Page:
Simple introspection suggests that we store each piece of our knowledge as a single representation that can be recalled by memory-jogging stimuli or even by the imagination alone. Everything you know about your grandmother, for example, seems to be stored in one complete representation that is equally accessible whether you see her in person, hear her voice, or simply think about her. Our experience, however, is not a faithful guide to how knowledge is stored in memory. Knowledge about grandmother is not stored as a single representation but rather is subdivided into distinct categories and stored separately. One region of the brain stores information about the invariant physical features that trigger your visual recognition of her. Information about changeable aspects of her face—her expression and lip movements that relate to social communication—is stored in another region. The ability to recognize her voice is mediated in yet another region. (2013, pp. 17—18)

This picture fits flush with the sort of distributed parallel activation evidence that underpins neural reuse (Pasqualotto 2016; Pessoa 2016). Indeed, to the extent that they are not strictly domain-specific, the stable low-level operations that occur as nodes in these distributed systems seem to be the empirical equivalent of the low-level cognitive workings posited in the earliest formulations of the massive redeployment hypothesis.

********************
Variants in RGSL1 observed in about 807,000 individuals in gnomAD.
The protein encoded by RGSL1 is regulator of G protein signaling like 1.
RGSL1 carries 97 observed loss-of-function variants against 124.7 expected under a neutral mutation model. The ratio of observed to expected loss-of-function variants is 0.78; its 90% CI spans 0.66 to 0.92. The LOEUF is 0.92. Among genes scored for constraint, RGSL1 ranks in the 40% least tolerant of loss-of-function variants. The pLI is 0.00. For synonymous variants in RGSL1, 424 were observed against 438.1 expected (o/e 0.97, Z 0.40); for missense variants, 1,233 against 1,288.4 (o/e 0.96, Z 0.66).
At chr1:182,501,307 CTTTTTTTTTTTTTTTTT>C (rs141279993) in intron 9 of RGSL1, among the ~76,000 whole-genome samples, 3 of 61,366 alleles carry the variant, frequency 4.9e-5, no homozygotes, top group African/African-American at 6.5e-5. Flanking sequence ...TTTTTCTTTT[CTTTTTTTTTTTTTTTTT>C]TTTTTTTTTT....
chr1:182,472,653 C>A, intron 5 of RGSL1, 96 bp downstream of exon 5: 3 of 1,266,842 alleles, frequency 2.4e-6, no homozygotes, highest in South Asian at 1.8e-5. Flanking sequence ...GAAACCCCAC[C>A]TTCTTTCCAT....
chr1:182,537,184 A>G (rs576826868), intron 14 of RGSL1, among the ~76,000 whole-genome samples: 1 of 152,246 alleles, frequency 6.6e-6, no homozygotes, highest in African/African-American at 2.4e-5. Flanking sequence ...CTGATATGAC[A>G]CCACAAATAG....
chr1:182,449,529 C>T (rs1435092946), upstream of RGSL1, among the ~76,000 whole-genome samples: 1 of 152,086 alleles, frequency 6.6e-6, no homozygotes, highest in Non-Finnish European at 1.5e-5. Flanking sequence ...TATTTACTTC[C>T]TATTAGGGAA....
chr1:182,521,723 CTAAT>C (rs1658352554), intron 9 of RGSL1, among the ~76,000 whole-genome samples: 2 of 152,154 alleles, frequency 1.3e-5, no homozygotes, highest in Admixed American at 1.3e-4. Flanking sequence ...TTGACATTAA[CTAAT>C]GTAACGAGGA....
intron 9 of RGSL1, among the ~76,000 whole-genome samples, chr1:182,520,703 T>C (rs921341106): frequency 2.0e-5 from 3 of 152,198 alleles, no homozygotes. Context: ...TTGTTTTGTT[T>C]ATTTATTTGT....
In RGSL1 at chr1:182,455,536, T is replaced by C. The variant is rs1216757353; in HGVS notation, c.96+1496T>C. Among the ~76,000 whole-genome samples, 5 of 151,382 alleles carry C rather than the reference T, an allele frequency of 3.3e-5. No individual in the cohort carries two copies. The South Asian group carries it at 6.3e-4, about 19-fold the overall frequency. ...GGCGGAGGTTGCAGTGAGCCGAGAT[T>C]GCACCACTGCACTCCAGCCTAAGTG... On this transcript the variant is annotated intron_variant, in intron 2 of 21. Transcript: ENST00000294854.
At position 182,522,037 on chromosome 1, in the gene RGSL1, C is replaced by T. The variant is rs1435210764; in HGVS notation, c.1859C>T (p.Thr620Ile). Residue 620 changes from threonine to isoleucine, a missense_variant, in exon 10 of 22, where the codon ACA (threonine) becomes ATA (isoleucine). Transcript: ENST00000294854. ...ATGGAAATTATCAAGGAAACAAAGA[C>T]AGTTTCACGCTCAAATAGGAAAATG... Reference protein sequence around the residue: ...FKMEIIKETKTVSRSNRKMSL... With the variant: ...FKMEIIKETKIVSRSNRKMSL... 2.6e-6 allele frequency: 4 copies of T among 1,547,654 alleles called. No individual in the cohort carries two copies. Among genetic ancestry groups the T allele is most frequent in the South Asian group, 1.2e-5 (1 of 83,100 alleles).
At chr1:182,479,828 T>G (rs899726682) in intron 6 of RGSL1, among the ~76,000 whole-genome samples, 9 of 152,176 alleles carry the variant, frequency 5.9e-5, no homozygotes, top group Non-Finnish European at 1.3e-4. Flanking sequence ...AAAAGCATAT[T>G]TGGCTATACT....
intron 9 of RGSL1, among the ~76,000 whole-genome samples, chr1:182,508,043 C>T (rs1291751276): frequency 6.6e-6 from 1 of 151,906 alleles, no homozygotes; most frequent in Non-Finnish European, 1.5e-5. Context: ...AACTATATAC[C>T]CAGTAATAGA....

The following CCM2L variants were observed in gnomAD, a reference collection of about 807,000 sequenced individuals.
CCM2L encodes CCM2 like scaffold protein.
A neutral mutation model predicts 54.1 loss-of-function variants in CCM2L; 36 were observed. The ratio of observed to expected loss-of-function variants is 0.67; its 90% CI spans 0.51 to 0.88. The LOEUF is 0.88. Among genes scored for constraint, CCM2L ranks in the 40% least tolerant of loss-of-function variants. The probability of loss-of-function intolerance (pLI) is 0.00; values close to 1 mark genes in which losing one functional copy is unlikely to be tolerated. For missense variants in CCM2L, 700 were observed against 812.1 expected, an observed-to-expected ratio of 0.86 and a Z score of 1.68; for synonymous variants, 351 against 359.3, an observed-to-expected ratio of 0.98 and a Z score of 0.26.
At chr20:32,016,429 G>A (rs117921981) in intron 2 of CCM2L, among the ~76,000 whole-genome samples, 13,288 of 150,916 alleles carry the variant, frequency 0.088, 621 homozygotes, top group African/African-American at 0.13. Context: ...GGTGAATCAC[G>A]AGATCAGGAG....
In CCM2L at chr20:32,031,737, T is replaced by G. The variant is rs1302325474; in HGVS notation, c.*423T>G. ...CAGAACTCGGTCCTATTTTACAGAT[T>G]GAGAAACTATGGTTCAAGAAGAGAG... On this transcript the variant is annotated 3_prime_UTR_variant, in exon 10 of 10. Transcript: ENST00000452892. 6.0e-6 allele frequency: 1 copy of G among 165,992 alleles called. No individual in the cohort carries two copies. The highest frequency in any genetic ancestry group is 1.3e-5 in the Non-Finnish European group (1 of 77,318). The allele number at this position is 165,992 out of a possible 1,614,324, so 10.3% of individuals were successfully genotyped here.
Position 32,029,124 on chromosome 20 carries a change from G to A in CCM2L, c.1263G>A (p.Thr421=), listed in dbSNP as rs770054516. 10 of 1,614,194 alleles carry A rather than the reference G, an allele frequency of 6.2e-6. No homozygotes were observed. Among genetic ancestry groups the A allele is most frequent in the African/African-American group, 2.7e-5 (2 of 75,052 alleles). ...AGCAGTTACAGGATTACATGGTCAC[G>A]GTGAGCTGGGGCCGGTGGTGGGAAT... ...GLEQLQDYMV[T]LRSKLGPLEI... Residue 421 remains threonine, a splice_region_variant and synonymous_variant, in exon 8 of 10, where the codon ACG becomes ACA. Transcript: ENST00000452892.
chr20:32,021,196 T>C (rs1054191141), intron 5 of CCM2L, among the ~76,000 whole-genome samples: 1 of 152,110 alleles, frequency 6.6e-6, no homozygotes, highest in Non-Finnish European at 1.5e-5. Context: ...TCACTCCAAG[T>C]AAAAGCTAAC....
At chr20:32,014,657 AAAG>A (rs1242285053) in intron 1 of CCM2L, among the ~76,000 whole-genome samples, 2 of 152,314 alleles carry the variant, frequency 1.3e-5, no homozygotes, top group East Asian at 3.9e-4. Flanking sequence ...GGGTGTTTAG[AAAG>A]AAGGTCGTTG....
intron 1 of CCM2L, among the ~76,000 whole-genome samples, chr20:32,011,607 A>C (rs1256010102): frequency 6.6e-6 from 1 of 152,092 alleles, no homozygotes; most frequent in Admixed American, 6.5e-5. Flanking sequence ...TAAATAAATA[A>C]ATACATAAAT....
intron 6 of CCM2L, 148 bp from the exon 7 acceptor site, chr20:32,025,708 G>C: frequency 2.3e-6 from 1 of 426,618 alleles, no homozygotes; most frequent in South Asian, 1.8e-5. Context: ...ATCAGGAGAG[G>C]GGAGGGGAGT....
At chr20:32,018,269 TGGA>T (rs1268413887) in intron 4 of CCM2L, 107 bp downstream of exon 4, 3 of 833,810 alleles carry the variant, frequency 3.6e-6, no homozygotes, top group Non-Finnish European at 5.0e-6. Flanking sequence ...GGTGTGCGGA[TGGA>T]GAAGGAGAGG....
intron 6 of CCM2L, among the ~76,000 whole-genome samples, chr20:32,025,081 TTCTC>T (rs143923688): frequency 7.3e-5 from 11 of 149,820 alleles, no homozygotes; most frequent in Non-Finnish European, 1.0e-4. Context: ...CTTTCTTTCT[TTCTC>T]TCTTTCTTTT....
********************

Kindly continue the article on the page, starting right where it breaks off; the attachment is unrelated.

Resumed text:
A little history will clarify the significance of this discovery. The elaboration of the distributed processing model is the high point of an intense research effort within the structuralist tradition. In my earlier discussion, I noted that Carl Wernicke stood out among the ranks of modern neurologists with his distinctive vision of the structure—function relationship. I suggested that he may even have been operating with an implicit understanding of the difference between a cognitive working and a cognitive use (Bergeron 2007). In a famous paper, Wernicke (1908) described a novel kind of aphasia, one in which the patient can produce words but not comprehend them—the precise inverse of the pathology described by Broca earlier that century. The brain lesion responsible for this aphasia was to a distinct cortical region of the left cerebral hemisphere (later called “Wernicke’s area”). Wernicke presented his account of this pathology in terms of an explicit neural model of language processing that attempted to steer a middle course between the two competing frameworks of his day, that of the phrenologists and cellular connectionists on one hand, who contended that specific functions were realized in localized neural tissue (and were therefore guided by the anatomical modularity assumption), and that of the holists on the other, who supposed that every mental function involved the brain as an aggregate (Kandel & Hudspeth 2013). Wernicke’s model had only basic sensory-motor and perceptual functions localized to discrete regions of cortex. Higher functions depended on the cooperation of several neural elements, implying that single behaviors could not be pinned down to specific sites. Wernicke thus became the first neurologist to advance the thoroughly modern notion of distributed processing (Kandel & Hudspeth 2013; Mountcastle 1997). He assigned a specific language motor program governing the mouth movements for speech to the region implicated in Broca’s aphasia, and a sensory program governing word perception to the area implicated in the new aphasia he described.